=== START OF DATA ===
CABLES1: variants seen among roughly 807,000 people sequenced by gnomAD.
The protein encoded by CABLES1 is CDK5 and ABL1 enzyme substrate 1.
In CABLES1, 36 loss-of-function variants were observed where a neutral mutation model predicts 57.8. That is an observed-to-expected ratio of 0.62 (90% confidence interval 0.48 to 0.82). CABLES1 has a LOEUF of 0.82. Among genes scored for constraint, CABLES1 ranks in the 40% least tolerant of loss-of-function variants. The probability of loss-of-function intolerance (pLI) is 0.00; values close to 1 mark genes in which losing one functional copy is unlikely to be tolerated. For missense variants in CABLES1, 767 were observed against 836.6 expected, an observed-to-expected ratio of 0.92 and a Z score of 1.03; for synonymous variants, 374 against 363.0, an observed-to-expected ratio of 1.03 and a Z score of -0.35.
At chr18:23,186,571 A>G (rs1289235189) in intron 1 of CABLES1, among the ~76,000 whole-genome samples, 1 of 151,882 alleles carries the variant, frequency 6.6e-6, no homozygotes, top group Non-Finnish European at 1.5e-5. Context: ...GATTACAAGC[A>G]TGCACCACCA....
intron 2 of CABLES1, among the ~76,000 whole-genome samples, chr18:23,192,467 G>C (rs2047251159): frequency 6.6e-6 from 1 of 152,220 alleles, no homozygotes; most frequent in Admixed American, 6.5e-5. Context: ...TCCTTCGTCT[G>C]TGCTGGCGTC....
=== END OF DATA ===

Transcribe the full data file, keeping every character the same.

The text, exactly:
CABLES1: variants seen among roughly 807,000 people sequenced by gnomAD.
The protein encoded by CABLES1 is CDK5 and ABL1 enzyme substrate 1.
In CABLES1, 36 loss-of-function variants were observed where a neutral mutation model predicts 57.8. That is an observed-to-expected ratio of 0.62 (90% confidence interval 0.48 to 0.82). CABLES1 has a LOEUF of 0.82. Among genes scored for constraint, CABLES1 ranks in the 40% least tolerant of loss-of-function variants. The probability of loss-of-function intolerance (pLI) is 0.00; values close to 1 mark genes in which losing one functional copy is unlikely to be tolerated. For missense variants in CABLES1, 767 were observed against 836.6 expected, an observed-to-expected ratio of 0.92 and a Z score of 1.03; for synonymous variants, 374 against 363.0, an observed-to-expected ratio of 1.03 and a Z score of -0.35.
At chr18:23,186,571 A>G (rs1289235189) in intron 1 of CABLES1, among the ~76,000 whole-genome samples, 1 of 151,882 alleles carries the variant, frequency 6.6e-6, no homozygotes, top group Non-Finnish European at 1.5e-5. Context: ...GATTACAAGC[A>G]TGCACCACCA....
intron 2 of CABLES1, among the ~76,000 whole-genome samples, chr18:23,192,467 G>C (rs2047251159): frequency 6.6e-6 from 1 of 152,220 alleles, no homozygotes; most frequent in Admixed American, 6.5e-5. Context: ...TCCTTCGTCT[G>C]TGCTGGCGTC....